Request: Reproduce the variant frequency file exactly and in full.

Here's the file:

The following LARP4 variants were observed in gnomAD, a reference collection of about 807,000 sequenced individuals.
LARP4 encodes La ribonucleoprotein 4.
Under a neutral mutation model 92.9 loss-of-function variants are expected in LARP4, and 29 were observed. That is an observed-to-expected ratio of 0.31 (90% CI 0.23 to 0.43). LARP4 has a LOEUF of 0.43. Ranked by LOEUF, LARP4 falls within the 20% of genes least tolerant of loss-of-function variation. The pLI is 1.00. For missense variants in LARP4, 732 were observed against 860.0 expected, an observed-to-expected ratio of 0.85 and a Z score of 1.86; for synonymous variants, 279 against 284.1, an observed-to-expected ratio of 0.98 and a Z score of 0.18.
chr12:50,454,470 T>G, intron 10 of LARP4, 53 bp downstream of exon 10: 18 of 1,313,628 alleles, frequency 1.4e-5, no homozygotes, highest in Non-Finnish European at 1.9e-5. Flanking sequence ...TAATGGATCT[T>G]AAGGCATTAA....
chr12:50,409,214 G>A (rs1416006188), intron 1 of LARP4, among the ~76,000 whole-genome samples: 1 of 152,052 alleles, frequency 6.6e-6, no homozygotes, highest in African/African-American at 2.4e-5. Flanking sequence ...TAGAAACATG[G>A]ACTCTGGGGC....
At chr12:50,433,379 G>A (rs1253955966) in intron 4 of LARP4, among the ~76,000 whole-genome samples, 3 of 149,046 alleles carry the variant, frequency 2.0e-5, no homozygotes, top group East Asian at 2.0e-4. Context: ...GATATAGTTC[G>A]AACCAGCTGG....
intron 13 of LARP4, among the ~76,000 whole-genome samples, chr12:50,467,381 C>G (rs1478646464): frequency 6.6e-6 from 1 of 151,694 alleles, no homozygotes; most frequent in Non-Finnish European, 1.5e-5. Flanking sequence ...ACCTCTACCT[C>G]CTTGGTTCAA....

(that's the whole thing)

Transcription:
The following LARP4 variants were observed in gnomAD, a reference collection of about 807,000 sequenced individuals.
LARP4 encodes La ribonucleoprotein 4.
Under a neutral mutation model 92.9 loss-of-function variants are expected in LARP4, and 29 were observed. That is an observed-to-expected ratio of 0.31 (90% CI 0.23 to 0.43). LARP4 has a LOEUF of 0.43. Ranked by LOEUF, LARP4 falls within the 20% of genes least tolerant of loss-of-function variation. The pLI is 1.00. For missense variants in LARP4, 732 were observed against 860.0 expected, an observed-to-expected ratio of 0.85 and a Z score of 1.86; for synonymous variants, 279 against 284.1, an observed-to-expected ratio of 0.98 and a Z score of 0.18.
chr12:50,454,470 T>G, intron 10 of LARP4, 53 bp downstream of exon 10: 18 of 1,313,628 alleles, frequency 1.4e-5, no homozygotes, highest in Non-Finnish European at 1.9e-5. Flanking sequence ...TAATGGATCT[T>G]AAGGCATTAA....
chr12:50,409,214 G>A (rs1416006188), intron 1 of LARP4, among the ~76,000 whole-genome samples: 1 of 152,052 alleles, frequency 6.6e-6, no homozygotes, highest in African/African-American at 2.4e-5. Flanking sequence ...TAGAAACATG[G>A]ACTCTGGGGC....
At chr12:50,433,379 G>A (rs1253955966) in intron 4 of LARP4, among the ~76,000 whole-genome samples, 3 of 149,046 alleles carry the variant, frequency 2.0e-5, no homozygotes, top group East Asian at 2.0e-4. Context: ...GATATAGTTC[G>A]AACCAGCTGG....
intron 13 of LARP4, among the ~76,000 whole-genome samples, chr12:50,467,381 C>G (rs1478646464): frequency 6.6e-6 from 1 of 151,694 alleles, no homozygotes; most frequent in Non-Finnish European, 1.5e-5. Flanking sequence ...ACCTCTACCT[C>G]CTTGGTTCAA....